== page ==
'Museum Alley' to give priority to pedestrians

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The Independent Online

Pedestrians are to be urged to take a stroll in the traffic as part of plans to transform the most "significant intellectual highway" in Britain.

Pedestrians are to be urged to take a stroll in the traffic as part of plans to transform the most "significant intellectual highway" in Britain.

In an experiment which may be adopted elsewhere in Britain, visitors to Exhibition Road in South Kensington, London, are to be given the right to walk where they want, when they want.

The £25m redesign adopts the principle of "inferred pedestrian priority" and aims to provide easier access to one of the largest and most important centres of public education in the world. The area, known as 'Museum Alley', is home to the Natural History, Science and Victoria & Albert museums; Imperial College; the Royal College of Art; the Royal College of Music; the English National Ballet and the Royal Albert Hall.

The project launched yesterday hopes to encourage careful driving and "decorous" behaviour by pedestrians. It also hopes to transform South Kensington into the vibrant cultural and educational quarter envisioned by Prince Albert when he founded museums including the Victoria & Albert there after the 1851 Great Exhibition. At present the main access to the area is through a leaky subway or along a busy dual-carriageway.

Under the new plans - one of 10 pilot schemes in Mayor Ken Livingstone's Making Space for Londoners initiative - traffic will be restricted to 20mph and channelled into two lanes, kerbs will disappear and there will be a single "attractive" surface for walkers and drivers.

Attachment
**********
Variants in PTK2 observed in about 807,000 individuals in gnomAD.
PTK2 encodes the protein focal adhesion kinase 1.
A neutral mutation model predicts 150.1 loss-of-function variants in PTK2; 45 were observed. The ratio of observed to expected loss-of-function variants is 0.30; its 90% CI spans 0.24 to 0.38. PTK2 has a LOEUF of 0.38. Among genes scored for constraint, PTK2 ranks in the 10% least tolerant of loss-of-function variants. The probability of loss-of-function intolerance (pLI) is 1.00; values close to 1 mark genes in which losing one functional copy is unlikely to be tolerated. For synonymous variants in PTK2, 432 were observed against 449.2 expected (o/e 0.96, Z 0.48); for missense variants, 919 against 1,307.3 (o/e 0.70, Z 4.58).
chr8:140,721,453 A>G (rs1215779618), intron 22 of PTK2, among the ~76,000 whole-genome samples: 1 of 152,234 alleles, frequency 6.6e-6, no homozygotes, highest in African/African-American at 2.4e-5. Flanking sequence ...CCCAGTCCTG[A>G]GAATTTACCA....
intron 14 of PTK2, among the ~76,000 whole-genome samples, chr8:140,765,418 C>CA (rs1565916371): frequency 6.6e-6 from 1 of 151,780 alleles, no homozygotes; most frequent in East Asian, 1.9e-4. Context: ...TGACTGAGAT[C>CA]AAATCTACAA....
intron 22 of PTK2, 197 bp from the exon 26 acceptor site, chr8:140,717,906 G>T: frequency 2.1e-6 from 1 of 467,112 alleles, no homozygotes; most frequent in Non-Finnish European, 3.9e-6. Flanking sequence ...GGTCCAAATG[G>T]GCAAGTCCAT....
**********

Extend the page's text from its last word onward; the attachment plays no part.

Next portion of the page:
The 10 million pedestrians using the road each year will be encouraged to cross the two channels of traffic where they like. The present railings, meant to keep walkers away from vehicles, will be removed.

Aimed at creating "a more welcoming, generous, attractive and accessible environment for pedestrians", the work will begin next year and should be completed in 2009.

Researchers in the Netherlands, Denmark and Germany believe that strict regulation of road use discourages pedestrians and motorists from taking responsibility for their actions. Common courtesy is abandoned, they argue. The fresh approach has been tried in the Netherlands, where traffic lights and road signs were removed from certain junctions. Researchers claim the number of accidents was reduced and car journeys were quicker.

The council's planners believe that at 20mph, drivers will "engage more" with pedestrians, leading to a better balance of the "relative priorities of vehicle and foot traffic".

The Royal Borough of Kensington and Chelsea believes the present streetscape on Exhibition Road is "cluttered, incomprehensible and unfriendly to pedestrians". The council's literature adds that the thoroughfare "may be the most significant intellectual highway in Britain but this is not evident from the design and identity of the street". David Moylan, deputy leader of the borough, said: "We have some of the finest architecture and some of the most important buildings in London. If this were your private drawing room you would say that this needs proper re-decorating from time to time. Why should we have a different attitude in the public realm? Part of the aim is to try to knit this together again as an area."

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